"Nightwork—meaning all jobs that are executed during nighttime—increased as cities became connected to electricity in the early twentieth century, and as economies became more connected globally through the internet. In the current 'gig economy' — dominated by those jobs in which people are paid by the task, rather than receiving a fixed salary — work never stops. Part of this 'performance' has to do with adapting to the different temporal demands of the labor market—in other words, the management of sleep and wakefulness. As Crary (2013, p. 17) notes, our modern economies '[undermine] distinction between day and night, between light and dark, and between action and repose … the planet becomes re-imagined as a non-stop work site or an always open shopping mall of infinite choices, tasks, selections, and digression.'
"But working at night is not necessarily good for us. Melatonin, the hormone involved in the regulation of our biological clock, is released when we are exposed to daylight. Our bodies follow circadian rhythms of approximately 24-hour cycles, and as Kamps warned me, these rhythms have an impact on our mental and metabolic health (Roenneberg et al. 2003).
"Humans have a long history using chemicals to tinker with our circadian rhythms, with caffeine being the most ubiquitous substance used to stay awake, one that is accepted globally as beneficial despite its addictive properties. Historians trace the use of coffee back to the fifth century, in the Sufi monasteries of Mocha, now known as Yemen (Weinberg and Bealer 2001). Caffeine stimulates the central nervous system by blocking the action of adenosine (which causes drowsiness) on its receptors. The popular food writer Pollan (2020), in a recent analysis of caffeine, suggests that without this substance the industrial revolution wouldn’t have happened. Studies in sports medicine attest to caffeine’s positive effects in adults, including increased endurance and strength, improved reaction time, and delayed fatigue (Graham 2001; Sökmen et al. 2008). Adverse effects of caffeine, if taken in high amounts, include disturbed sleep, increased blood pressure, and physical addiction. Caffeine is considered safe to ingest up to about 150 mg per day (or two cups of coffee).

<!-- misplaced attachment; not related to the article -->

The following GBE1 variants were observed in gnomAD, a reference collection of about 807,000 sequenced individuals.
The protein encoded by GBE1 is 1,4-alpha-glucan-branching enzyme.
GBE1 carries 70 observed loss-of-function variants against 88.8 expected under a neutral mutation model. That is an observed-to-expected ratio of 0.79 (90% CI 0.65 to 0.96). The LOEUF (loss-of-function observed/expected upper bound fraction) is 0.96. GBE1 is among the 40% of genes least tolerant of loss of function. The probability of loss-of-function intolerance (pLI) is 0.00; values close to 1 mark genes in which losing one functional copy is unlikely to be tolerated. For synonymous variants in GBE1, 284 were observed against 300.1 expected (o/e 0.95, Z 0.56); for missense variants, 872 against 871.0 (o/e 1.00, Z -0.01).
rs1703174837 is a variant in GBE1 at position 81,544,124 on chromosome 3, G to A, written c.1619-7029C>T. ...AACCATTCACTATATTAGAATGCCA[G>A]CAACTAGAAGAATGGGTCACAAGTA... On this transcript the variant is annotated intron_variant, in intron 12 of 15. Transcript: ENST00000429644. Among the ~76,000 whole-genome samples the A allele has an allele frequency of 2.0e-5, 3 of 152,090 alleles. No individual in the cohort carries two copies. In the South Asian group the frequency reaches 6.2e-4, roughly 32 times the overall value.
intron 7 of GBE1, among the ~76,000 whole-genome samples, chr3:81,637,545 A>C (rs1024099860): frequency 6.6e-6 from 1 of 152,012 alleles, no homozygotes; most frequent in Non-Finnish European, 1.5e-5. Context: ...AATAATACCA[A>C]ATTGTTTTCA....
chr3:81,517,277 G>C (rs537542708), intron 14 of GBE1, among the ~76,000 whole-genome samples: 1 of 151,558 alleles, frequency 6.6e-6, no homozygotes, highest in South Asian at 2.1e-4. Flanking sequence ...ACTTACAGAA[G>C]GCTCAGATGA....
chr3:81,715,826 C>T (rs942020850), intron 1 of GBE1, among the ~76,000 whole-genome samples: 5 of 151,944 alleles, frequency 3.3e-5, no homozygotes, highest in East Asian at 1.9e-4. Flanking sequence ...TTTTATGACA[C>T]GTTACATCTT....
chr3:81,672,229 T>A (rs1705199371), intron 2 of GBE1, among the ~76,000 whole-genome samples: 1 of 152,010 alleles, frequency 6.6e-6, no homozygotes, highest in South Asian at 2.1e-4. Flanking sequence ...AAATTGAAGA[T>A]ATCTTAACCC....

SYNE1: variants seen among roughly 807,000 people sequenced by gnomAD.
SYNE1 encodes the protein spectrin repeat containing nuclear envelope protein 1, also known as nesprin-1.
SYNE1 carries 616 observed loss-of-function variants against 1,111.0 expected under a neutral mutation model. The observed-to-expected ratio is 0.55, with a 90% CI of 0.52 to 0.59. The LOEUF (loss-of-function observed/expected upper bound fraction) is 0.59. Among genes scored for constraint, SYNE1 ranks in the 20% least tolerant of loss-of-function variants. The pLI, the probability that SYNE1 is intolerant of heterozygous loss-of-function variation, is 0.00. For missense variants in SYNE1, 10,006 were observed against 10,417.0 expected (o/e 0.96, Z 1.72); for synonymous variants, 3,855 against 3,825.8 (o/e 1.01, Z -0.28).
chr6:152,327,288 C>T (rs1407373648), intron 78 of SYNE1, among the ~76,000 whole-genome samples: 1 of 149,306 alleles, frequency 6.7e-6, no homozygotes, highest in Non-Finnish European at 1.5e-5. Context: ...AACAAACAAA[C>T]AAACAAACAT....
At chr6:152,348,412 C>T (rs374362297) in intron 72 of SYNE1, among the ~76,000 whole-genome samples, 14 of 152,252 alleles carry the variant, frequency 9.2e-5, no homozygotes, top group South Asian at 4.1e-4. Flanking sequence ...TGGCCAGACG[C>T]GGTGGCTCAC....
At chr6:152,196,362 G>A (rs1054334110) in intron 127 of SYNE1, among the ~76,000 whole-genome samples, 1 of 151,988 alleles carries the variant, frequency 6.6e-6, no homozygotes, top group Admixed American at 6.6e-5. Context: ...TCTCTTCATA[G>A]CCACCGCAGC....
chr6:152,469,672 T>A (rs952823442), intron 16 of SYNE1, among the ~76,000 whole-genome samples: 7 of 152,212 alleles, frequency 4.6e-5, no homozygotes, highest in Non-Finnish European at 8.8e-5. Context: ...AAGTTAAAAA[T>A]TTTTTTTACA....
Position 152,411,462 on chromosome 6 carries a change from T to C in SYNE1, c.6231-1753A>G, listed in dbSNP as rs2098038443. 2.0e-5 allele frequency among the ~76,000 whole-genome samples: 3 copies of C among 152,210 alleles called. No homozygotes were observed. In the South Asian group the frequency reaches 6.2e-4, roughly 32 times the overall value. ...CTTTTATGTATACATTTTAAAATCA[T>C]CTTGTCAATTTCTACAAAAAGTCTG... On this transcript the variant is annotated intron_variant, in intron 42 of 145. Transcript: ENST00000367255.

"In addition to caffeine, those working at night often resort to cocaine and amphetamines for stamina and to stay awake. The use of cocaine for endurance goes back to the Incas in Peru who for thousands of years have chewed coca leaves for this purpose. The alkaloid cocaine, derived from the plant, was only isolated in the mid-nineteenth century. Amphetamines were discovered shortly thereafter by chemists. In On Speed Rasmussen (2008) traces the history of this category of drugs, showing how early twentieth-century pharmacies in the United States sold invigorating tonics containing cocaine and nasal decongestants containing amphetamines. Its first major use was during World War II, when soldiers used it to boost their performance and alertness, and to suppress appetite (see also Braswell 2005; Rawson et al. 2006). In Japan, it was given to soldiers before they performed their 'kamikaze' suicide bombing missions; in England, 73 million amphetamine tablets were made available to pilots so they would not fall asleep (Braswell 2005). Three years after the war, in 1948, the Japanese Ministry of Health prohibited the production of both tablet and powder form of methamphetamine. Similar moves were made in the United States but, interestingly, the medical establishment continued to defend its legal status and deny its addictive potential. It was only when its use grew further, and more evidence about its addictive potential came to light, that the United States finally passed the 1974 Drug Control Act (Rawson et al. 2006)."
Hardon A. Chemical 24/7. Chemical Youth. 2020;183-213. Published 2020 Oct 14. doi:10.1007/978-3-030-57081-1_6